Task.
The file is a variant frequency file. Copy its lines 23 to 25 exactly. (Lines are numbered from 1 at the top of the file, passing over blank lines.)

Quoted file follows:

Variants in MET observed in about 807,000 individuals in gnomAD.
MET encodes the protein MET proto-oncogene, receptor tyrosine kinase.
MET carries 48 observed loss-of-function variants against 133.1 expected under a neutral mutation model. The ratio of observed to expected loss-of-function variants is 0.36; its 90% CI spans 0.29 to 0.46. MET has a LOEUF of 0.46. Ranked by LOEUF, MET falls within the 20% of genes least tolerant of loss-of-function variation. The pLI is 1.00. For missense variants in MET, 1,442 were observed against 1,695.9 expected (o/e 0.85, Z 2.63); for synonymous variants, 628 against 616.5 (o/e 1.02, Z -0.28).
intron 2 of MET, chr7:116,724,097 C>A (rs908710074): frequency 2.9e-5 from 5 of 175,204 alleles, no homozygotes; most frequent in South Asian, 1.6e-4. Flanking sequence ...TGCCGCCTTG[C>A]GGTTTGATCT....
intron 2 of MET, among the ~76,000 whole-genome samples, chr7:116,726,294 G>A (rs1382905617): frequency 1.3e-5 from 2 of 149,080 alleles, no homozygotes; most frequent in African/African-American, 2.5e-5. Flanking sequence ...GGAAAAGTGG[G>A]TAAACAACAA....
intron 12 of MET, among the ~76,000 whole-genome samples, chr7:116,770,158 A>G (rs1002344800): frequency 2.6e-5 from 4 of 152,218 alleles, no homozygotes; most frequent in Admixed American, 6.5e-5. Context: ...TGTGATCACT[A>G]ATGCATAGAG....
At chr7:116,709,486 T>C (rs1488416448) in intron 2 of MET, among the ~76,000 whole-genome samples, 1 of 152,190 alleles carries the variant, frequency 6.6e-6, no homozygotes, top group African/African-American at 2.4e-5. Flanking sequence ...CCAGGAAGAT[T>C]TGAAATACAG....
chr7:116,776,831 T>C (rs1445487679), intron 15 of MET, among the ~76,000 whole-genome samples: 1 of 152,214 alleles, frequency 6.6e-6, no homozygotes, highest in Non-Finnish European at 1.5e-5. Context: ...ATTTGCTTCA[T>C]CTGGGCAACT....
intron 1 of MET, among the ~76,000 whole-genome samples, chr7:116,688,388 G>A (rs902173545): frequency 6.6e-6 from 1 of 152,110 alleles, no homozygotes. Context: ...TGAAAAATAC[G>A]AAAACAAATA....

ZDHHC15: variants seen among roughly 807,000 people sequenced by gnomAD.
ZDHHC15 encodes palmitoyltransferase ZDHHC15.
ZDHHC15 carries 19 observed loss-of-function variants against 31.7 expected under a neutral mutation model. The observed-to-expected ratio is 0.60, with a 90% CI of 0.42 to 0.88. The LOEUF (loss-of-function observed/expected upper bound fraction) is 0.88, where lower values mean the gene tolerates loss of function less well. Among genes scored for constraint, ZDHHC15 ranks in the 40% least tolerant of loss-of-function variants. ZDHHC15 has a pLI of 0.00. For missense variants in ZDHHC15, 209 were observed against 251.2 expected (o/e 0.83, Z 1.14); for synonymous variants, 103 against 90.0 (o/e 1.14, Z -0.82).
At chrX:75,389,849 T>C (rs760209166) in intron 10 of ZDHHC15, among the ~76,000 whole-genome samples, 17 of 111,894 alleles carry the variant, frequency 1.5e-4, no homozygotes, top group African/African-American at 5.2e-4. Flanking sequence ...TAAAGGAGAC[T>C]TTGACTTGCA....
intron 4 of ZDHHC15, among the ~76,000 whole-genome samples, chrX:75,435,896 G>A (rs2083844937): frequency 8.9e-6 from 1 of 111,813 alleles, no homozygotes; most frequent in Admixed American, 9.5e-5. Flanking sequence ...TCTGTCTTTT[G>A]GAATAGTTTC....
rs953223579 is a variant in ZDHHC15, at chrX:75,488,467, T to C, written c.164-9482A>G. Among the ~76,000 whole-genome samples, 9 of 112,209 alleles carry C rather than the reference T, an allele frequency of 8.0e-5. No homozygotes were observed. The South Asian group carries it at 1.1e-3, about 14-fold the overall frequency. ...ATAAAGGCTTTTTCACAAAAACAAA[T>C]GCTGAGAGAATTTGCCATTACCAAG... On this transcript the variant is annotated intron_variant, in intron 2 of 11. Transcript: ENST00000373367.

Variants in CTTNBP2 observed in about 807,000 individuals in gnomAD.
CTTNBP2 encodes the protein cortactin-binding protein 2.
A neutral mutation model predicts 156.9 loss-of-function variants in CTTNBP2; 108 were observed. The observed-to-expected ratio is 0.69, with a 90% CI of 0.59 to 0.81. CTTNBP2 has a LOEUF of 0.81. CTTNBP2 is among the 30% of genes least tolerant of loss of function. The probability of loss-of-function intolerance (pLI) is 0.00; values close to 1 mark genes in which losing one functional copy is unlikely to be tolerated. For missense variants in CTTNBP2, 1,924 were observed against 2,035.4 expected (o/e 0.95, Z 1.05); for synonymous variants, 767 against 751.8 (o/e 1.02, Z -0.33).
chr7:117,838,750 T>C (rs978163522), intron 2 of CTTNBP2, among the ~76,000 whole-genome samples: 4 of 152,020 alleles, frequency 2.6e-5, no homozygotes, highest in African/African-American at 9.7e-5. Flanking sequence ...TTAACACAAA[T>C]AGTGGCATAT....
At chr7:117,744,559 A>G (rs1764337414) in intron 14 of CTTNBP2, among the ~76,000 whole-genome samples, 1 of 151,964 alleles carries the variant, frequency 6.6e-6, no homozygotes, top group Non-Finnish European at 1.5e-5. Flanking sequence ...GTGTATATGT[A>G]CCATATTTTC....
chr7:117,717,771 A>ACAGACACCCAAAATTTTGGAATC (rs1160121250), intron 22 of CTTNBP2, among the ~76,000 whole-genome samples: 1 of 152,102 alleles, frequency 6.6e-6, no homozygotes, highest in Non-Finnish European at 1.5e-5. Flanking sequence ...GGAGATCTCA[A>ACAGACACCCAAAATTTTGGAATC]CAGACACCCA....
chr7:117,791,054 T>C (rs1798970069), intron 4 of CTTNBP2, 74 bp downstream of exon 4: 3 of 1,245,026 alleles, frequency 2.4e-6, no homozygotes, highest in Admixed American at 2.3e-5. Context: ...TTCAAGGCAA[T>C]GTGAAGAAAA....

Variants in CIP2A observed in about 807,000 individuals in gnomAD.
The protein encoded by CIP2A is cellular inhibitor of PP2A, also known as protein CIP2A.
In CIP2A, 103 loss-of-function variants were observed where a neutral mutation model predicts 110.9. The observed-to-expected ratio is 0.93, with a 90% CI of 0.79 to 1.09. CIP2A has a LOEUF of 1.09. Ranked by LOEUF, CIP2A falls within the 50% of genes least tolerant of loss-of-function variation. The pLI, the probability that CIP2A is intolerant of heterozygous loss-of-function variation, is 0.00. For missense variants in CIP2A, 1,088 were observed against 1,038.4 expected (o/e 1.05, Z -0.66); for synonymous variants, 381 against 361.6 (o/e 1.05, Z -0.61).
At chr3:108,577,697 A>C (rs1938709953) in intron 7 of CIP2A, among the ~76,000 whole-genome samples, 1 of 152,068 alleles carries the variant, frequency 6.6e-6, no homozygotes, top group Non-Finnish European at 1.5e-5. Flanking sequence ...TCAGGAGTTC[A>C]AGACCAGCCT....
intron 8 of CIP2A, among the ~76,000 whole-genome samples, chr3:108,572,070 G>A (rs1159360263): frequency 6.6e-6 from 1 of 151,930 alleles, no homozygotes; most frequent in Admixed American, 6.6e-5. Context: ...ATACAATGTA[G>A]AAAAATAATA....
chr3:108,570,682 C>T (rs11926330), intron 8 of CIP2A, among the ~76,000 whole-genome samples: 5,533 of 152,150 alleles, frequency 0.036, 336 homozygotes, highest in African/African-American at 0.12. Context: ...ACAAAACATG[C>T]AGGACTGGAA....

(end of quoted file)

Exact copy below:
Variants in CIP2A observed in about 807,000 individuals in gnomAD.
The protein encoded by CIP2A is cellular inhibitor of PP2A, also known as protein CIP2A.
In CIP2A, 103 loss-of-function variants were observed where a neutral mutation model predicts 110.9. The observed-to-expected ratio is 0.93, with a 90% CI of 0.79 to 1.09. CIP2A has a LOEUF of 1.09. Ranked by LOEUF, CIP2A falls within the 50% of genes least tolerant of loss-of-function variation. The pLI, the probability that CIP2A is intolerant of heterozygous loss-of-function variation, is 0.00. For missense variants in CIP2A, 1,088 were observed against 1,038.4 expected (o/e 1.05, Z -0.66); for synonymous variants, 381 against 361.6 (o/e 1.05, Z -0.61).